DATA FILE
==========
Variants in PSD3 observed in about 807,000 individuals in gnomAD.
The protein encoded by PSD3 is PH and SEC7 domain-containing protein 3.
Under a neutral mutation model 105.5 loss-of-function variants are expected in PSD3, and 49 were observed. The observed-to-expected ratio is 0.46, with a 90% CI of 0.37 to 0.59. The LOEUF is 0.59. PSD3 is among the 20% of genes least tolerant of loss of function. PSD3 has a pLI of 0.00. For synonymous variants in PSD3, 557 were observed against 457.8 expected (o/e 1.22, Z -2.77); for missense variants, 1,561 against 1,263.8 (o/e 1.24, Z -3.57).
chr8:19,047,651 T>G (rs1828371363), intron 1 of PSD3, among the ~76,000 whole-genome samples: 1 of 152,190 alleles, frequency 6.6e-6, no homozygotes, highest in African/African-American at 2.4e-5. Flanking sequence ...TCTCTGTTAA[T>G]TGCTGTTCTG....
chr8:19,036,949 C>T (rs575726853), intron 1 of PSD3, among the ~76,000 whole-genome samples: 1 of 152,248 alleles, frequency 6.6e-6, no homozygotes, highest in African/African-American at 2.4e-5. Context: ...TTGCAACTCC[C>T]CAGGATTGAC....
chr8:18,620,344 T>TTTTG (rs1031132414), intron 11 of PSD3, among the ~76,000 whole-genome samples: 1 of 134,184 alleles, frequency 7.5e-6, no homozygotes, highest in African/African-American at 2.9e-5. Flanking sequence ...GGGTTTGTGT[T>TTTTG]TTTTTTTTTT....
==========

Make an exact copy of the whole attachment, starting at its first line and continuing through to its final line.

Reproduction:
Variants in PSD3 observed in about 807,000 individuals in gnomAD.
The protein encoded by PSD3 is PH and SEC7 domain-containing protein 3.
Under a neutral mutation model 105.5 loss-of-function variants are expected in PSD3, and 49 were observed. The observed-to-expected ratio is 0.46, with a 90% CI of 0.37 to 0.59. The LOEUF is 0.59. PSD3 is among the 20% of genes least tolerant of loss of function. PSD3 has a pLI of 0.00. For synonymous variants in PSD3, 557 were observed against 457.8 expected (o/e 1.22, Z -2.77); for missense variants, 1,561 against 1,263.8 (o/e 1.24, Z -3.57).
chr8:19,047,651 T>G (rs1828371363), intron 1 of PSD3, among the ~76,000 whole-genome samples: 1 of 152,190 alleles, frequency 6.6e-6, no homozygotes, highest in African/African-American at 2.4e-5. Flanking sequence ...TCTCTGTTAA[T>G]TGCTGTTCTG....
chr8:19,036,949 C>T (rs575726853), intron 1 of PSD3, among the ~76,000 whole-genome samples: 1 of 152,248 alleles, frequency 6.6e-6, no homozygotes, highest in African/African-American at 2.4e-5. Context: ...TTGCAACTCC[C>T]CAGGATTGAC....
chr8:18,620,344 T>TTTTG (rs1031132414), intron 11 of PSD3, among the ~76,000 whole-genome samples: 1 of 134,184 alleles, frequency 7.5e-6, no homozygotes, highest in African/African-American at 2.9e-5. Flanking sequence ...GGGTTTGTGT[T>TTTTG]TTTTTTTTTT....